Keywords: Human health burden; Indicator; Air quality; DALYs; Environmental pressure;
A multi-component data assimilation experiment directed to sulphur dioxide and sulphate over Europe by A.L. Barbu; A.J. Segers; M. Schaap; A.W. Heemink; P.J.H. Builtjes (1622-1631).
Fine particulate matter (PM) is relevant for human health and its components are associated with climate effects. The performance of chemistry transport models for PM, its components and precursor gases is relatively poor. The use of these models to assess the state of the atmosphere can be strengthened using data assimilation. This study focuses on simultaneous assimilation of sulphate and its precursor gas sulphur dioxide into the regional chemistry transport model LOTOS–EUROS using an ensemble Kalman filter. The process of going from a single component setup for SO2 or SO4 to an experiment in which both components are assimilated simultaneously is illustrated. In these experiments, solely emissions, or a combination of emissions and the conversion rates between SO2 and SO4 were considered uncertain. In general, the use of sequential data assimilation for the estimation of the sulphur dioxide and sulphate distribution over Europe is shown to be beneficial. However, the single component experiments gave contradicting results in direction in which the emissions are adjusted by the filter showing the limitations of such applications. The estimates of the pollutant concentrations in a multi-component assimilation have found to be more realistic. We discuss the behavior of the assimilation system for this application. The model uncertainty definition is shown to be a critical parameter. The increased complexity associated with the simultaneous assimilation of strongly related species requires a very careful specification of the experiment, which will be the main challenge in the future data assimilation applications.
Keywords: Data assimilation; Ensemble Kalman filter; LOTOS–EUROS model; Sulphur dioxide; Sulphate;
Comparison of models used for national agricultural ammonia emission inventories in Europe: Litter-based manure systems by B. Reidy; J. Webb; T.H. Misselbrook; H. Menzi; H.H. Luesink; N.J. Hutchings; B. Eurich-Menden; H. Döhler; U. Dämmgen (1632-1640).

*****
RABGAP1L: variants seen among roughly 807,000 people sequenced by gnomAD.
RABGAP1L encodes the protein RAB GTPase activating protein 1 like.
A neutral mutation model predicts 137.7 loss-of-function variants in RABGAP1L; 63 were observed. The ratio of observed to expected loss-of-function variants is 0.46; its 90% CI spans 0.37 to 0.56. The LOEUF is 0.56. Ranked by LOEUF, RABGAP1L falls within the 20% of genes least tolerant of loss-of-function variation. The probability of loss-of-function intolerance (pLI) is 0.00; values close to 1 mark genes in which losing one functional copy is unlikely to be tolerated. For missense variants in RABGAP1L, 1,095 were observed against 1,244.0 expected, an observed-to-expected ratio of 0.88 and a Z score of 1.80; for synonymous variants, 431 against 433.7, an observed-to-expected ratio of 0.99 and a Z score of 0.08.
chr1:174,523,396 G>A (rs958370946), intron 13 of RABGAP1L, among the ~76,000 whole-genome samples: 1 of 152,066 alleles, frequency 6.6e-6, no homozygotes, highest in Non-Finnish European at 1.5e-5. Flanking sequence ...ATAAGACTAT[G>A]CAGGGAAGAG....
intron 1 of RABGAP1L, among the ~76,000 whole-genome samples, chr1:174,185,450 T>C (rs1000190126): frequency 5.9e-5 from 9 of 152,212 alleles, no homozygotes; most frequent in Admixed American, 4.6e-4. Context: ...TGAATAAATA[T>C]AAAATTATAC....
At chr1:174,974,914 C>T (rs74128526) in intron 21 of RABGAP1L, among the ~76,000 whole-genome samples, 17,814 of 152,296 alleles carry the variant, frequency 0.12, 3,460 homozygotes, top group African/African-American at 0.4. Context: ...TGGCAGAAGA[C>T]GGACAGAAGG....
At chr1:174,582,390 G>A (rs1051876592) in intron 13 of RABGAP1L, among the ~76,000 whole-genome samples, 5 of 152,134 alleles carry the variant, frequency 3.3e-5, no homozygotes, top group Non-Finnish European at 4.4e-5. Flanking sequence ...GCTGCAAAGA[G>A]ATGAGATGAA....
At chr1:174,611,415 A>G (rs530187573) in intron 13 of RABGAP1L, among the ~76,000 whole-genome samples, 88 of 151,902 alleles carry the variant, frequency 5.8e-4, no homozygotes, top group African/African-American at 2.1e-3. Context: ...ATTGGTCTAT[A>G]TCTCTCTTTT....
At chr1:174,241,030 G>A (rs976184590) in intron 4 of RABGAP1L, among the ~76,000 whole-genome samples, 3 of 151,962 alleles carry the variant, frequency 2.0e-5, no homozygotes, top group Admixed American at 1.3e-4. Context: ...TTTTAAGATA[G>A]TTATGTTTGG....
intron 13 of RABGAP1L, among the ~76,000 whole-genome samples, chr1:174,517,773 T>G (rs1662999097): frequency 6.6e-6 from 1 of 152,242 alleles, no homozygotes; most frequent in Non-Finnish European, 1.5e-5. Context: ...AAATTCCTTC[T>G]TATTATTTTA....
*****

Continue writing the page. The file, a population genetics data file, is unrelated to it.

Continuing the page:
Six N-flow models, used to calculate national ammonia (NH3) emissions from agriculture in different European countries, were compared using standard data sets. Scenarios for litter-based systems were run separately for beef cattle and for broilers, with three different levels of model standardisation: (a) standardized inputs to all models (FF scenario); (b) standard N excretion, but national values for emission factors (EFs) (FN scenario); (c) national values for N excretion and EFs (NN scenario). Results of the FF scenario for beef cattle produced very similar estimates of total losses of total ammoniacal-N (TAN) (±6% of the mean total), but large differences in NH3 emissions (±24% of the mean). These differences arose from the different approaches to TAN immobilization in litter, other N losses and mineralization in the models. As a result of those differences estimates of TAN available at spreading differed by a factor of almost 3. Results of the FF scenario for broilers produced a range of estimates of total changes in TAN (±9% of the mean total), and larger differences in the estimate of NH3 emissions (±17% of the mean). The different approaches among the models to TAN immobilization, other N losses and mineralization, produced estimates of TAN available at spreading which differed by a factor of almost 1.7. The differences in estimates of NH3 emissions decreased as estimates of immobilization and other N losses increased. Since immobilization and denitrification depend also on the C:N ratio in manure, there would be advantages to include C flows in mass-flow models. This would also provide an integrated model for the estimation of emissions of methane, non-methane VOCs and carbon dioxide. Estimation of these would also enable an estimate of mass loss, calculation of the N and TAN concentrations in litter-based manures and further validation of model outputs.
Keywords: Inventory; Ammonia; Emission; Emission factor; N-flow model; Total ammoniacal-N (TAN); Solid manure; Agriculture;
Analysis of coupled model uncertainties in source-to-dose modeling of human exposures to ambient air pollution: A PM2.5 case study by Halûk Özkaynak; H. Christopher Frey; Janet Burke; Robert W. Pinder (1641-1649).